Houthis say ready to stop fighting, join unity govt.
Yemen’s Houthi Ansarullah movement, at the core of the Houthi alliance resisting the Saudi coalition’s war on Yemen, has said that they are prepared to end the fighting and join a national unity government.
A member of Ansarullah's Political Council said: "Ansarullah's position has been and still is with stopping the war and the establishment of a national unity government that incorporates all political components."
He said this after the US Secretary of State reported that the parties to the conflict had agreed to observe a cessation of hostilities from November 17th onwards. The parties had also reached an agreement to establish a “national unity government in a safe and secure Sana'a... as a goal towards the end of the year."
However, Yemen’s former foreign minister complained that Kerry’s announcement had not been coordinated with the country’s resigned government supported by the Saudi’s invasion and war to return it to power.
In the last month, Saudi Arabia has come under international criticism for the high number of civilian casualties resulting from their indiscriminate airstrikes.
Iran renews support for political solution in Yemen
Iran’s Foreign Ministry Spokesman confirmed Iran's support for a political solution to Yemen's crisis, and welcomed ceasefire and resumption of peace talks in the Muslim state. He said: "Iran has always called for the settlement of political crisis in Yemen through dialogue among the Yemeni different political parties," and added that the restoration of a comprehensive ceasefire is needed before negotiations towards peace and stability in Yemen can proceed.
Earlier, the Omani Foreign Ministry announced the acceptance of a ceasefire in Yemen by all parties starting on November 17th, followed by peace talks later in November.
In late October, the Iranian Red Crescent Society confirmed their readiness to send humanitarian aid, relief workers and medicine to Yemen, and said: "An Iranian relief flight has been allowed to transfer Yemen's wounded civilians for treatment and we also voiced our preparedness to send relief workers and humanitarian aid to that country."
Houthi alliance killed 20 Saudi coalition fighters
The Houthi-alliance continued its advances against the Saudi coalition, and killed at least 20 of their fighters and destroyed their military hardware in Marib province.
Earlier, two ballistic missiles were fired by the Houthi alliance on targets in Saudi Arabia’s Najran province. A military command center was hit with the Tochka missile and the Rajla military base was targeted with aZalzal 3 missile that the Saudi coalition claimed was intercepted and destroyed before it could cause any damage.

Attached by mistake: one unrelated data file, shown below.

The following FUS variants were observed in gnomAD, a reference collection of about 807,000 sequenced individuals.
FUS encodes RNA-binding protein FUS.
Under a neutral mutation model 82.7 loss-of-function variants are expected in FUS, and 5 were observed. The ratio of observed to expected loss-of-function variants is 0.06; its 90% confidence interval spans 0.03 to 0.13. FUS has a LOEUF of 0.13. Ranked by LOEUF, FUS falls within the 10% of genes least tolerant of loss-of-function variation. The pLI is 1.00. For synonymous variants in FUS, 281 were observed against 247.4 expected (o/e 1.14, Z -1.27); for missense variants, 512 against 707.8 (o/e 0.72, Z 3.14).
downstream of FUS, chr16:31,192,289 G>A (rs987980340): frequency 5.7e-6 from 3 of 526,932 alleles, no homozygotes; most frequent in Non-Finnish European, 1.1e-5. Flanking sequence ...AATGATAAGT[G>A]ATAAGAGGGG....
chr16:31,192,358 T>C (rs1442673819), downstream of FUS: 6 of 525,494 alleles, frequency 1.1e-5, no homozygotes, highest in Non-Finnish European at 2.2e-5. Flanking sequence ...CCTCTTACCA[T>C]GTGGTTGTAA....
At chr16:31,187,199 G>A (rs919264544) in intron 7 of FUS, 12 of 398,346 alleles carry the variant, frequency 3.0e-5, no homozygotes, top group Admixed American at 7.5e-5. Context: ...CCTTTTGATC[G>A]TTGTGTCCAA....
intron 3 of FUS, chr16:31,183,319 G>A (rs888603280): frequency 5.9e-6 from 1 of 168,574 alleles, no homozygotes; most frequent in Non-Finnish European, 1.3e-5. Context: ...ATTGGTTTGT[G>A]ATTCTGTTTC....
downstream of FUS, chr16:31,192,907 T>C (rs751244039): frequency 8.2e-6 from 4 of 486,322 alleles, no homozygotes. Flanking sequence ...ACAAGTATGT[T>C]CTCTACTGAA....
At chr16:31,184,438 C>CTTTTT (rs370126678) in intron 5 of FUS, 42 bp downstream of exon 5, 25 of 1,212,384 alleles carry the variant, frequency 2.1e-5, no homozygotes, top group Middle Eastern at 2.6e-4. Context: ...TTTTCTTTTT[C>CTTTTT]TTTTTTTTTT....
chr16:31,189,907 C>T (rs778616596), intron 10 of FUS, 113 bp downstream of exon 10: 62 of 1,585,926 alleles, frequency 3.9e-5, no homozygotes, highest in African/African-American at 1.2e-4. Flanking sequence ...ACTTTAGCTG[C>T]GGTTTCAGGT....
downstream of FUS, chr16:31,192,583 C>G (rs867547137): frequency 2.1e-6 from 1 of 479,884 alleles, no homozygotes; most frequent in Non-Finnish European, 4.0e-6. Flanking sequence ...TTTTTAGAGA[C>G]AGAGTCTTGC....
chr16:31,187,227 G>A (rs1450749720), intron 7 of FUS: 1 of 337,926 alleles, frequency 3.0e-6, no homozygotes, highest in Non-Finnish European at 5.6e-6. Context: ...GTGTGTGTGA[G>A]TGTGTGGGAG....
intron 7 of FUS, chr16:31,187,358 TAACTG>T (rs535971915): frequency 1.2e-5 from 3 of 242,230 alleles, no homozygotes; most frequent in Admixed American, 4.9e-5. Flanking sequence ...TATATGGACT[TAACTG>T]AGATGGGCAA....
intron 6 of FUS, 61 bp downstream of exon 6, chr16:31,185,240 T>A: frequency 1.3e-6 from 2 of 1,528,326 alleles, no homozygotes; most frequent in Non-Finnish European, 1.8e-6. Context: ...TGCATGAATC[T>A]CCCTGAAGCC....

Elsewhere, the Houthi alliance launched a mortar attack on a gathering of Saudi mercenaries in Dhubab district of Taiz province and artillery units of the Houthi alliance also targeted two separate areas of Taiz where a number of Saudi soldiers were killed.
In the country’s province of Hajjah, dozens of Saudi mercenaries were killed and wounded in clashes with Houthi alliance fighters when they attempted to advance.
Meanwhile, the College of Military Engineering in Sana’a, as well as Bani Matar district in Sana’a province and the Sirwah district of Marib were targeted by Saudi coalition fighter jet airstrikes.
Around the same time, Daesh terrorists attacked a residence in Bayda province and beheaded a Yemeni civilian in front of his family.
The terrorist group, which mainly operates in Iraq and Syria, as well as al-Qaeda members have been using the Saudi invasion of Yemen in order to gain a foothold and advance in the country.
Questions of war crimes against Yemeni civilians
Some months ago, after an airstrike targeted a highway in western Yemen, a taxi driver stopped and rushed a wounded ice cream vendor to the nearest hospital in the town of Abs. At his arrival, hell was unleashed when a missile struck just outside the hospital entrance, "like a ball of fire," one witness said.
The blast ripped through patients and family member that were waiting in an outdoor reception area, killing 19 people including the taxi driver, a father of eight, who was incinerated in his car together with his ‘patient’.
This attack typifies a pattern in the almost 2-year air campaign by the US-led Saudi coalition in Yemen. Rights groups and UN officials say the US-backed Saudi coalition has often either deliberately or recklessly, failed to distinguish between civilian and military targets and disregarded the likelihood of civilian casualties, saying that some of the strikes amount to war crimes.
The UN said that nearly 4,000 civilians have been killed since early 2015 and an estimated 60 percent of them died in airstrikes by the Saudi-led coalition. According to the Yemen Data Project, an independent group of researchers, one in three strikes hit civilian targets. They have established a database of more than 8,000 strikes in Yemen.
On that particular day, every strike carried out had used a Paveway guided missile system, built by an American company and sold to Saudi Arabia. This represents a fraction of the billions of dollars in weapons sold to Saudi Arabia in this campaign. TheUS military also provided intelligence, satellite imagery and logistical assistance.